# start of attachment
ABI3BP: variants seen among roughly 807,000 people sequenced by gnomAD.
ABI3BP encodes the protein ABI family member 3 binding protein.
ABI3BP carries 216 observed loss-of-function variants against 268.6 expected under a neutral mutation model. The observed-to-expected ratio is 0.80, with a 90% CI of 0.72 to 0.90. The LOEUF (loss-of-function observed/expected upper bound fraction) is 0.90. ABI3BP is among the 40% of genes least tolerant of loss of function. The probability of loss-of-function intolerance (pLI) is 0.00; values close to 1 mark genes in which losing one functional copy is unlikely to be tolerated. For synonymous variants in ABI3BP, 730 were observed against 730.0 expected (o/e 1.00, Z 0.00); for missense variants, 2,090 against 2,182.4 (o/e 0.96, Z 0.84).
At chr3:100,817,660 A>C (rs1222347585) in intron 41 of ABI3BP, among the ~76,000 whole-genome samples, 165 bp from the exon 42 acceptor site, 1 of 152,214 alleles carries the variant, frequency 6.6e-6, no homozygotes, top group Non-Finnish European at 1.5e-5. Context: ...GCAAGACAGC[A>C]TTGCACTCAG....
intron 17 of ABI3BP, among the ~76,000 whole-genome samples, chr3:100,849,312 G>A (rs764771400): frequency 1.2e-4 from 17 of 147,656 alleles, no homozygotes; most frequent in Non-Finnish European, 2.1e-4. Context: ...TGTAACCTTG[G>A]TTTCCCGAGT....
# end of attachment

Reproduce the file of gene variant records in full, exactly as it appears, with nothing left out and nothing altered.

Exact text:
ABI3BP: variants seen among roughly 807,000 people sequenced by gnomAD.
ABI3BP encodes the protein ABI family member 3 binding protein.
ABI3BP carries 216 observed loss-of-function variants against 268.6 expected under a neutral mutation model. The observed-to-expected ratio is 0.80, with a 90% CI of 0.72 to 0.90. The LOEUF (loss-of-function observed/expected upper bound fraction) is 0.90. ABI3BP is among the 40% of genes least tolerant of loss of function. The probability of loss-of-function intolerance (pLI) is 0.00; values close to 1 mark genes in which losing one functional copy is unlikely to be tolerated. For synonymous variants in ABI3BP, 730 were observed against 730.0 expected (o/e 1.00, Z 0.00); for missense variants, 2,090 against 2,182.4 (o/e 0.96, Z 0.84).
At chr3:100,817,660 A>C (rs1222347585) in intron 41 of ABI3BP, among the ~76,000 whole-genome samples, 165 bp from the exon 42 acceptor site, 1 of 152,214 alleles carries the variant, frequency 6.6e-6, no homozygotes, top group Non-Finnish European at 1.5e-5. Context: ...GCAAGACAGC[A>C]TTGCACTCAG....
intron 17 of ABI3BP, among the ~76,000 whole-genome samples, chr3:100,849,312 G>A (rs764771400): frequency 1.2e-4 from 17 of 147,656 alleles, no homozygotes; most frequent in Non-Finnish European, 2.1e-4. Context: ...TGTAACCTTG[G>A]TTTCCCGAGT....